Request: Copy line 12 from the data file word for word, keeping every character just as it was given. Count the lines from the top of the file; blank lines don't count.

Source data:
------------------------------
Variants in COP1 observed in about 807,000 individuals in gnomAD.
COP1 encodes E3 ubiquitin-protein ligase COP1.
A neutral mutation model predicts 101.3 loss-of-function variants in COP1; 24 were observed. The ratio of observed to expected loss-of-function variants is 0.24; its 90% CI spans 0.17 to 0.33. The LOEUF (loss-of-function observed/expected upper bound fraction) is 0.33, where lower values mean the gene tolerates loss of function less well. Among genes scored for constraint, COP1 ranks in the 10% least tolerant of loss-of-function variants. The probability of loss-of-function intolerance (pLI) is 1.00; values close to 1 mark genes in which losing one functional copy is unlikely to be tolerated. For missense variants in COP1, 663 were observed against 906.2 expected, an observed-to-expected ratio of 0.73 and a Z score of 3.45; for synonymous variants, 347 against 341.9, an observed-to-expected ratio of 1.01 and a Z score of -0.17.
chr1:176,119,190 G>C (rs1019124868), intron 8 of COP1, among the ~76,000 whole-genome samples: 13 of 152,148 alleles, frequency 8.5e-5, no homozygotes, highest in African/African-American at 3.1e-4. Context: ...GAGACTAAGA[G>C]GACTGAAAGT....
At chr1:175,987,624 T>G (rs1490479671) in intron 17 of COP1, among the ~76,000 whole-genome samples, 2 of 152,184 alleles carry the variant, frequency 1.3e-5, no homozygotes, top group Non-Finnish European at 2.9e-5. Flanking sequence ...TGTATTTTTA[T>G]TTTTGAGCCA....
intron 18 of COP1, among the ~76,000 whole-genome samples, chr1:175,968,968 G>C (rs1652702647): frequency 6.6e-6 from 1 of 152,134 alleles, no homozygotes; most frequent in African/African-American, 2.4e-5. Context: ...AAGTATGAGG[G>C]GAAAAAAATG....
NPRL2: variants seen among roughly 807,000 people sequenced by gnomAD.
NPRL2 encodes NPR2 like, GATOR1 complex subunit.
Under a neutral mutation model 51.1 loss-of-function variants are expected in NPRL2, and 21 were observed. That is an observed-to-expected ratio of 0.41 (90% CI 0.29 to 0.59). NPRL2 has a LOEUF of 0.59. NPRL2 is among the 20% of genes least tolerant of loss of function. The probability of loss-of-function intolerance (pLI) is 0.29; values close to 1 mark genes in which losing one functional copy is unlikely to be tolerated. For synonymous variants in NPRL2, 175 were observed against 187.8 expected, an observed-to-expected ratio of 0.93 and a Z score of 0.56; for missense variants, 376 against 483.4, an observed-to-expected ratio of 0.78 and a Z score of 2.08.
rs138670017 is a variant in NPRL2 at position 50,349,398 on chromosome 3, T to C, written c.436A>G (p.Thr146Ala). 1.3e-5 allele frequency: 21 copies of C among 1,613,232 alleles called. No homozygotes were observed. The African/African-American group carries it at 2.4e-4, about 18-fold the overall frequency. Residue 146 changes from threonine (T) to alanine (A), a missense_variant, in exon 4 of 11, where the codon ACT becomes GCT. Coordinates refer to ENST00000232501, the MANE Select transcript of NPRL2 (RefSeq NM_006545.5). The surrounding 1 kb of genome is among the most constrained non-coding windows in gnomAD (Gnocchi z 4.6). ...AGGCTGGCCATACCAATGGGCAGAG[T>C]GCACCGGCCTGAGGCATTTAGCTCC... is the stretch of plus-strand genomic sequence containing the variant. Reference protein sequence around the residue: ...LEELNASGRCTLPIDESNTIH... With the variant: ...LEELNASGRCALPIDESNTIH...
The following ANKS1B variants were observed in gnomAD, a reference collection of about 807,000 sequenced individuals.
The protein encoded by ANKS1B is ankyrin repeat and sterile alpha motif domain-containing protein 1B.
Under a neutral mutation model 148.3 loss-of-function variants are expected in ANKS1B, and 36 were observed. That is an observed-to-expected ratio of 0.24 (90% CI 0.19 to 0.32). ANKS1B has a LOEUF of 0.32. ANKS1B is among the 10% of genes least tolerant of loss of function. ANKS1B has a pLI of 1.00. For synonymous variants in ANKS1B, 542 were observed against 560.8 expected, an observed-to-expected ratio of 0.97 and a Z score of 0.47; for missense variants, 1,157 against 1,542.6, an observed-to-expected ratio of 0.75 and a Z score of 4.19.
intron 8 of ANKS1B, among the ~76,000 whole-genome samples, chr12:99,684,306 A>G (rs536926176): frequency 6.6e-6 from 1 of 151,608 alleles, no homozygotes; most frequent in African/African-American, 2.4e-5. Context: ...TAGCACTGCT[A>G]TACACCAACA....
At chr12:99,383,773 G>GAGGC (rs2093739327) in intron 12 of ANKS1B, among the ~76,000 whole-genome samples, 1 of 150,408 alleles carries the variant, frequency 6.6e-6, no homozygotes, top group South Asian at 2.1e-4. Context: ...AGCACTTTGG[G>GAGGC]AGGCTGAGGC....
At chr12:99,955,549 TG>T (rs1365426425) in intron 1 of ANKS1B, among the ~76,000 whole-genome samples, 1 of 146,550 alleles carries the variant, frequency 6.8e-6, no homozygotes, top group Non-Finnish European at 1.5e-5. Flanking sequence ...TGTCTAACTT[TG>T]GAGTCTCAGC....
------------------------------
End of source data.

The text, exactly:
The protein encoded by ANKS1B is ankyrin repeat and sterile alpha motif domain-containing protein 1B.